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uses which piece of land being approved of, it was agreed to try what subscription could be set on foot for the accomplishment of this charitable work; and most of the persons present subscribed towards it in pursuance of a memorandum which they drew up for that purpose. At another vestry held on the 28th February, it was unanimously agreed that the said land on Dubber's Hill should be immediately levelled and prepared for building the work house. At a subsequent meeting on the 13th of April, 1727, a surveyor was employed and ordered to finish the building with all convenient speed.

It seems that the stucture was raised by the latter end of the year 1727: for on the 14th of November a meeting was held at the work house; at which it was agreed that the spinning of mop yarn should be the proper work of the poor in the house. At subsequent meetings proper officers were appointed, rules and orders were made for the government of the house, and all the requisite arrangements took place, connected with the interests of the establishment.

It is capable of accommodating above 160 persons, and at present contains that number; men, women, and children. Besides their

ordinary work, the children are taught to read; and thus the time is usefully employed, which might otherwise be consumed in idleness, or in mischievous pursuits. A due observance of the Sabbath is required, both in religious reading at home, and in regular attendance at the church, morning and evening. The interior of the work house is remarkably striking, on account of its very neat and clean appearance; and what is still more pleasing, an air of content may be generally observed in the faces of its inhabitants; the building stands within a spacious court-yard, adjoining which is a small garden, which in a great measure supplies the poor with vegetables. In a word, this institution posesses every thing useful and interesting which charities of the same kind can afford.


Other Benefactions to the Town of Croydon.

ARCHBISHOP BARKER left by will to the Poor

of Croydon and Lambeth the sum of . Archbishop Grindall left by his will to purchase lands, or other profits, for the benefit of the poor alms-houses in Croydon

Also to the Poor of Lambeth and Croydon

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Archbishop Wake left by will to St. James's, Westminster, £50, to Lambeth £40, to the parish of Croydon £40, if he should be buried there, otherwise not; which seems he would should be disposed of by the ministers and churchwardens of those respective parishes, in binding out apprentices such children of poor housekeepers, as they, with the approbation of his executors, should think fit.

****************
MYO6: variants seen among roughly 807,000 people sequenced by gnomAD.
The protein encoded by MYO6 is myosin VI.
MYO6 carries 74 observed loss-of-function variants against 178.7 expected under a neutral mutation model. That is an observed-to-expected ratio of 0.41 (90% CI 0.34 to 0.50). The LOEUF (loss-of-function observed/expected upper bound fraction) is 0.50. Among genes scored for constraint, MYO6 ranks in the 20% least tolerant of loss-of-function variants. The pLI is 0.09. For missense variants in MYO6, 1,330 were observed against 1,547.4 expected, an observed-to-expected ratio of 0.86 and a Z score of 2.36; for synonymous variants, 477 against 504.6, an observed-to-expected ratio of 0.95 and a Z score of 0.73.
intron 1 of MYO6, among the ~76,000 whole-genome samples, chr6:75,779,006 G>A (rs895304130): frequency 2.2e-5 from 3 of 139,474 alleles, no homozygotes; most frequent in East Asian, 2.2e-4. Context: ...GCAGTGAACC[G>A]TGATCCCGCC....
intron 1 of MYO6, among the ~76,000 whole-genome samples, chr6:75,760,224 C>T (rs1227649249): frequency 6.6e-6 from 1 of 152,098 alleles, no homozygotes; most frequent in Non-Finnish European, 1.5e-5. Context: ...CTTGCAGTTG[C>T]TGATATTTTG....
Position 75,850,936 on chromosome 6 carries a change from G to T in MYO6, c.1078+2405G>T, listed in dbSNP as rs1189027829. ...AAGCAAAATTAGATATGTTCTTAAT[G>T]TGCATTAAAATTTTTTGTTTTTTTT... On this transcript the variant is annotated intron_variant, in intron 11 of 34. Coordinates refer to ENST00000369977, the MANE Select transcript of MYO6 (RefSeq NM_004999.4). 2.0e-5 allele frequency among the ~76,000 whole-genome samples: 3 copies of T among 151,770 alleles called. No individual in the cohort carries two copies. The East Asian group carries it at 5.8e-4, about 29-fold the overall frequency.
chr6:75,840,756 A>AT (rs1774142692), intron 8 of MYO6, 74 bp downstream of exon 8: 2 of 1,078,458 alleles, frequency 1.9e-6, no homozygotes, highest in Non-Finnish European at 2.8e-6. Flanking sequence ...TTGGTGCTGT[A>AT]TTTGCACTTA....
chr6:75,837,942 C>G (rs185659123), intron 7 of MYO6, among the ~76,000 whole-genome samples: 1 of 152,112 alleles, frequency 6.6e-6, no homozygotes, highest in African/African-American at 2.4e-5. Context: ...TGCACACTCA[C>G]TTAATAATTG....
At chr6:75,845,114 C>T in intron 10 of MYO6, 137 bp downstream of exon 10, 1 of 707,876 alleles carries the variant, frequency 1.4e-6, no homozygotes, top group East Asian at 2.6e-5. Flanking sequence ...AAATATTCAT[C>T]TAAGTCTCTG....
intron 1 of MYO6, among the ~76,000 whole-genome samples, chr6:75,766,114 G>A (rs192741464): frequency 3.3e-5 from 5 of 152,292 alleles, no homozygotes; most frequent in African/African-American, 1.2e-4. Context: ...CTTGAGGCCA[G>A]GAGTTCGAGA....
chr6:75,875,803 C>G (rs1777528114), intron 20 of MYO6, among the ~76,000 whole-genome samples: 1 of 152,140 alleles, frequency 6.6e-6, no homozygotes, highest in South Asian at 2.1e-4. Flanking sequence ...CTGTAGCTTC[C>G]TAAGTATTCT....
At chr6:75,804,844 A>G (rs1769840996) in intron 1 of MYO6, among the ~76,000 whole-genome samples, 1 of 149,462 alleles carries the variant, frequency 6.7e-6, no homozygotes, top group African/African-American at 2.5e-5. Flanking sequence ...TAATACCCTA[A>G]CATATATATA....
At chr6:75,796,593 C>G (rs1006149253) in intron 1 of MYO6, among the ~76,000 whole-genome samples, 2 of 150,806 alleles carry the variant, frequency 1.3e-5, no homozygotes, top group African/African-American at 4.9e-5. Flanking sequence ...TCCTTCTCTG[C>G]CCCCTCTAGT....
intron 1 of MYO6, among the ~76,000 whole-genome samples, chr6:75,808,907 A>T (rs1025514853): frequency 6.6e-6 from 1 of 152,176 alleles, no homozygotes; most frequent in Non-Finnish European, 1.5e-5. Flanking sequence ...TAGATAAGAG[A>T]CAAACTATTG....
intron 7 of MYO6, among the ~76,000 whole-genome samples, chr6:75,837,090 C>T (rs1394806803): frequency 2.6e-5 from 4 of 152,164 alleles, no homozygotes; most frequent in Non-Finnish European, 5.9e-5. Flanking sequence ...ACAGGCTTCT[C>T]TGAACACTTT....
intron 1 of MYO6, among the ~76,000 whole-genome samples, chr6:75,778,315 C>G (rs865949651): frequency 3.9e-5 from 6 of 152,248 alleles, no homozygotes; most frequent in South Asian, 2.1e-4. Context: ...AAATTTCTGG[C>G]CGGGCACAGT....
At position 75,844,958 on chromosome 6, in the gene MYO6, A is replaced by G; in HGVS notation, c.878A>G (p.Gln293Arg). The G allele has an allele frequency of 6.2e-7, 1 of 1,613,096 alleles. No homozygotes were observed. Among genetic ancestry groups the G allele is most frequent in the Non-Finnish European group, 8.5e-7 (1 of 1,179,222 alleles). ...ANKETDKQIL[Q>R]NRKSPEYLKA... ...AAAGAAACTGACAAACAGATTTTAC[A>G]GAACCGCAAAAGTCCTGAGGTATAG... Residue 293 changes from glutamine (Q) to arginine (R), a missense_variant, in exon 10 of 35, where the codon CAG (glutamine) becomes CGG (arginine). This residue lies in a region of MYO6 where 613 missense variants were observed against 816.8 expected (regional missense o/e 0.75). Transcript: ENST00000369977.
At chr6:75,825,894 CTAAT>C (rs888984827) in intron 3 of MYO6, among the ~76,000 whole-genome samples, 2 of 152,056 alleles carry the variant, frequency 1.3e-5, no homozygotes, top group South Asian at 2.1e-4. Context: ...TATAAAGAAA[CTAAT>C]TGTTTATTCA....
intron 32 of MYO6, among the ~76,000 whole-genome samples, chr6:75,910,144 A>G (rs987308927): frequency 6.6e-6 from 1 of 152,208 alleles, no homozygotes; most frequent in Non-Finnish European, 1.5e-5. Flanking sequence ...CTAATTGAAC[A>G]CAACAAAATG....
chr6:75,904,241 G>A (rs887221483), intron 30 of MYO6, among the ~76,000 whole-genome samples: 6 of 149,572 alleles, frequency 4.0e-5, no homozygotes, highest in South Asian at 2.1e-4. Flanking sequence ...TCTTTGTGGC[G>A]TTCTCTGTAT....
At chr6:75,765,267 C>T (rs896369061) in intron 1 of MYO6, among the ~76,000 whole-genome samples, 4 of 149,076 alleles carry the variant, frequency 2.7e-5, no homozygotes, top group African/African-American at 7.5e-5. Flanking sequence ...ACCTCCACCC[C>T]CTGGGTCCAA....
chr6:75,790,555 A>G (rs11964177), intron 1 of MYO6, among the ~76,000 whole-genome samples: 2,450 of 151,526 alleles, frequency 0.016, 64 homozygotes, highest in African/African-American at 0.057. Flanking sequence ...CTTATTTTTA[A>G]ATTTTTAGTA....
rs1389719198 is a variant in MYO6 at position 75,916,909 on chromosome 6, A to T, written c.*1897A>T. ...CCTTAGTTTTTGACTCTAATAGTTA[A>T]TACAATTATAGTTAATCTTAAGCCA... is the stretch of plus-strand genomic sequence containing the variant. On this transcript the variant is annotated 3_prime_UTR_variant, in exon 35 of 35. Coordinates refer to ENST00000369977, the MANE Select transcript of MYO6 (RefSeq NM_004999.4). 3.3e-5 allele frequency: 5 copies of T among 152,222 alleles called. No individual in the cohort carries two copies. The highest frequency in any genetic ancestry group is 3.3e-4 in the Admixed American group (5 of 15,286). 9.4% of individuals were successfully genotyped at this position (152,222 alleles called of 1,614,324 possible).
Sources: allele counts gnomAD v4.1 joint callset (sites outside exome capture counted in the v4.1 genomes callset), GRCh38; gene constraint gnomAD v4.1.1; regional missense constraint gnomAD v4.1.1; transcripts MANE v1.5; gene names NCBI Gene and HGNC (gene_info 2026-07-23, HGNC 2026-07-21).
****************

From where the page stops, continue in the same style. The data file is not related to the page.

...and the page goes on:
Extract from a M.S. in the Library at Lambeth, No. 1129.

State of the charities given to and for the benefit of the parishioners of Croydon, collected Anno. 1721 *.

These Benefuctions are of two kinds :

First, such as are under the direction and management of the churchwardens and vestry; of which sort are:

I. The noble gift of Henry Smith of London, Esq. who in his life time, February 1624, gave £1000 to Sir John Tonstall, and other Trustees, to the intent to pay him the interest during his life, and the Principal to be laid out in a purchase of Lands, the profits whereof to go, for ever, for relief of the Poor of the said parish, by raising a stock for setting them to work; and he dying in 1627, the farm of Stackinden, in Limpsfield, Surrey, was purchased therewith, and settled to the said uses, now let for £50 per


And he having likewise by deed and will given several large estates to charitable uses, the share thereof coming to the parish of Croydon, amounted to . . . . . . which was afterwards laid out in the purchase of the farm and lands, at Deptford in Kent, now let for £49 10 per annum.


*Copies of the title deeds to most of the lands mentioned in this list, are to be found in the M.S. volume,

II. The gift of the most Reverend Father in God, Edmund Grindall, Lord Archbishop of Canterbury, who, 24th June, 1583, gave the Vicar and Churchwardens the sum of £50, to be laid out in Lands for the yearly relief of the poor of the Little Alms-houses, wherewith the 11th November, 1583, was purchased a Copyhold house in Waddon of John Hatcher, and the same day surrendered to Richard Yeomans and others, in trust for the purposes aforesaid.

III. Seven acres of land in Croydon, near the Hermitage, purchased by the parishioners, 18th December, 1614, let for £3 per annum.

IV. The ground whereon the market-house stands, purchased by the parishioners, 11th October, 8. Elizabeth, let for £14 4 per annum.

V. A Messuage called Parkhurst, now in possession of Elizabeth Wood, at £1 9 4 per annum.

VI. A Tenement or Stable near the fish market, now in possession of Joshua Peryall, 13s. 4d. per annum.

VII. Part of a Messuage, heretofore Bird's, now in the possession of Wood, at 11s. 4d. per annum.

VIII. A Gravel-pit near Dovehouse, alias Dubber's Hill, containing part of four acres, given to the Parish by Sir William Walter, of Wimbledon, the Ist October, 1629.

The Little Alms-house, being nine small, low, inconvenient houses, wherein are usually placed the parish poor.

Second, such as have been incorporated with governors and visitors appointed by the


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